Deacon King Kong, by James McBride, has been chosen as the Greenwich Reads Together selection for 2021. Greenwich Reads Together is a community-wide reading experience which engages all of Greenwich in exploring a single book, culminating in a series of special events and programs in the fall.
About the Book:
In September 1969, a fumbling, cranky old church deacon known as Sportcoat shuffles into the courtyard of the Cause Houses housing project in south Brooklyn, pulls a .38 from his pocket, and in front of everybody shoots the project’s drug dealer at point-blank range.
The reasons for this desperate burst of violence and the consequences that spring from it lie at the heart of Deacon King Kong, James McBride’s funny, moving novel and his first since his National Book Award-winning The Good Lord Bird. In Deacon King Kong, McBride brings to vivid life the people affected by the shooting: the victim, the African-American and Latinx residents who witnessed it, the white neighbors, the local cops assigned to investigate, the members of the Five Ends Baptist Church where Sportcoat was deacon, the neighborhood’s Italian mobsters, and Sportcoat himself.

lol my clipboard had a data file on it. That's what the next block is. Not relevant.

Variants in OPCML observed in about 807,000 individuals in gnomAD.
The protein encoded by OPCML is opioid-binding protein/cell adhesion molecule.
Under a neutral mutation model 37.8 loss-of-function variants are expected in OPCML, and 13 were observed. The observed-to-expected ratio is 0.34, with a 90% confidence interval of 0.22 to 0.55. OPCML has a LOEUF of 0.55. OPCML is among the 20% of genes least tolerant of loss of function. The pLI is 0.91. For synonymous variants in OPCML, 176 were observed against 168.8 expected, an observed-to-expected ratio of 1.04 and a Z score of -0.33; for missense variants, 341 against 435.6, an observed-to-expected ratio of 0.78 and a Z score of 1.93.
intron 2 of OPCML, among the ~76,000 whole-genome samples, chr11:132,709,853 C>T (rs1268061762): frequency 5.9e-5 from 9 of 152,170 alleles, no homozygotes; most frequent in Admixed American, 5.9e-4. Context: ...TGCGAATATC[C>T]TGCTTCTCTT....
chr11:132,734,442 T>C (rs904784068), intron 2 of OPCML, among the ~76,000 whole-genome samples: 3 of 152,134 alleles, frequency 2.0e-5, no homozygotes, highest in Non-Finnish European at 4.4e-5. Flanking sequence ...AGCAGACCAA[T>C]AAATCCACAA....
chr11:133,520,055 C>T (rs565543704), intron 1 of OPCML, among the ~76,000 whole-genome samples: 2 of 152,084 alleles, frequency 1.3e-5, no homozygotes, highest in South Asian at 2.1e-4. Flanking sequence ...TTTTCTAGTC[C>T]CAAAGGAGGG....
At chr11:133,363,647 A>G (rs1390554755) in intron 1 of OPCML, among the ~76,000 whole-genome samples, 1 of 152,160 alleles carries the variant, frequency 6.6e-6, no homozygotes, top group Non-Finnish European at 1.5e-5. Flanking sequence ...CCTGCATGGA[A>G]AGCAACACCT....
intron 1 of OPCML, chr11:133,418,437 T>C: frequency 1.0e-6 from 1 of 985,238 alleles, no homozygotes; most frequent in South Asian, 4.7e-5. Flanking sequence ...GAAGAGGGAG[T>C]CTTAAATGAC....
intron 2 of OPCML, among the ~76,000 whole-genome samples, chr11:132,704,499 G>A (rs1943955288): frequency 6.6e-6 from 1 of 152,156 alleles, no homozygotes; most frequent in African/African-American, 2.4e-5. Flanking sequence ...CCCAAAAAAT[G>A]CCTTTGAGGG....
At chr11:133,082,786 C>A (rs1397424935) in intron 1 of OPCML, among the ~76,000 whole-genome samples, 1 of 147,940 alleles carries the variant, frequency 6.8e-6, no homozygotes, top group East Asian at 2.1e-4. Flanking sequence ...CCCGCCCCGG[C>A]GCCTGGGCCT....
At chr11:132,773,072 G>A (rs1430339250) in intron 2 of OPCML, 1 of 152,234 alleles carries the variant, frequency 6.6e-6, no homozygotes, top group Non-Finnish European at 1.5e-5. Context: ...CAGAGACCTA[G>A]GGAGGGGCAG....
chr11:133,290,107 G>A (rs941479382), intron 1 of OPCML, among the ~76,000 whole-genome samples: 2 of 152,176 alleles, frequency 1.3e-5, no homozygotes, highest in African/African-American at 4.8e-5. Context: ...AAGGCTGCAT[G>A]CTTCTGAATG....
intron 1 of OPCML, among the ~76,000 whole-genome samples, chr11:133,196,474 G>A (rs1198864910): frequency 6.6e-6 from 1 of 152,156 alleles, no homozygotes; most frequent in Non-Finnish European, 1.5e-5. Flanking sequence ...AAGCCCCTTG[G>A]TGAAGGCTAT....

As the story deepens, it becomes clear that the lives of the characters–caught in the tumultuous swirl of 1960s New York–overlap in unexpected ways. When the truth does emerge, McBride shows us that not all secrets are meant to be hidden, that the best way to grow is to face change without fear, and that the seeds of love lie in hope and compassion.
About the Author:
James McBride is an award-winning author, musician, and screenwriter. His landmark memoir, The Color of Water, published in 1996, has sold millions of copies and spent more than two years on the New York Times bestseller list. Considered an American classic, it is read in schools and universities across the United States.
McBride has been a staff writer for The Boston Globe, People Magazine, and The Washington Post, and his work has appeared in Essence, Rolling Stone, and The New York Times. His 2007 National Geographic story “Hip Hop Planet” is considered an important examination of African American music and culture.
A noted musician and composer, McBride has toured as a saxophonist sideman with jazz legend Jimmy Scott, among other musicians. He has written songs for Anita Baker, Grover Washington Jr., Pura Fé, Gary Burton, and even for the PBS television character “Barney.” (He did not write the “I Love You” song for Barney, but he wishes he did.) He received the Stephen Sondheim Award and the Richard Rodgers Foundation Horizon Award for his musical Bobos, co-written with playwright Ed Shockley. His 2003 Riffin’ and Pontificatin’ musical tour was filmed for a nationally televised Comcast documentary. He has been featured on national radio and television in North America, Europe, Australia, and New Zealand.